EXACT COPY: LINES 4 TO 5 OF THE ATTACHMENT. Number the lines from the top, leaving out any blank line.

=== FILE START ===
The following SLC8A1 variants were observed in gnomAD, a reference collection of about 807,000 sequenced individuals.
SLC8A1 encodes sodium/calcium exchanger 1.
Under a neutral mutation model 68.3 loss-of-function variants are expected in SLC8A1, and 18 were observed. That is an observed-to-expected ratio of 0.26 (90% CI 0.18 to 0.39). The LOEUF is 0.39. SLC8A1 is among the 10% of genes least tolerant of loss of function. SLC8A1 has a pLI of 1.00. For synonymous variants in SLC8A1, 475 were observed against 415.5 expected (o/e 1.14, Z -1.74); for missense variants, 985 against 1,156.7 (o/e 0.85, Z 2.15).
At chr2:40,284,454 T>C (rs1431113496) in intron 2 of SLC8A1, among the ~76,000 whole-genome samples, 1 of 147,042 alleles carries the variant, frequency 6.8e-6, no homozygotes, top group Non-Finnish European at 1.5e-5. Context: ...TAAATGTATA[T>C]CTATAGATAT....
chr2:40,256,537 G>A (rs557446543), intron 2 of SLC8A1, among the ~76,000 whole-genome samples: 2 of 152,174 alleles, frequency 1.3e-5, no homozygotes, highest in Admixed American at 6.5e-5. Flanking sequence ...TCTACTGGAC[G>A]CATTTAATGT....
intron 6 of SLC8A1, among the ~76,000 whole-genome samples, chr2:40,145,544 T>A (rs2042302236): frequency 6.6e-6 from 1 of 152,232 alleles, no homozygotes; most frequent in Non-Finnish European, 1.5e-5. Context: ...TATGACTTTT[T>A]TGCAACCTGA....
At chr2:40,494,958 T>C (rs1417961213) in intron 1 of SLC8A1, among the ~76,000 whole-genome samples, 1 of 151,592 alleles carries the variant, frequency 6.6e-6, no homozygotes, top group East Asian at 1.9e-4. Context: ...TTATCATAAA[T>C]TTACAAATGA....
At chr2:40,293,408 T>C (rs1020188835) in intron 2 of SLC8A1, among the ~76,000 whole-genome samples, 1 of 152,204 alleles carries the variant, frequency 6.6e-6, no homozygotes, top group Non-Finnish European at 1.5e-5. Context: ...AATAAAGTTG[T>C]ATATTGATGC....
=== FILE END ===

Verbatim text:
At chr2:40,284,454 T>C (rs1431113496) in intron 2 of SLC8A1, among the ~76,000 whole-genome samples, 1 of 147,042 alleles carries the variant, frequency 6.8e-6, no homozygotes, top group Non-Finnish European at 1.5e-5. Context: ...TAAATGTATA[T>C]CTATAGATAT....
chr2:40,256,537 G>A (rs557446543), intron 2 of SLC8A1, among the ~76,000 whole-genome samples: 2 of 152,174 alleles, frequency 1.3e-5, no homozygotes, highest in Admixed American at 6.5e-5. Flanking sequence ...TCTACTGGAC[G>A]CATTTAATGT....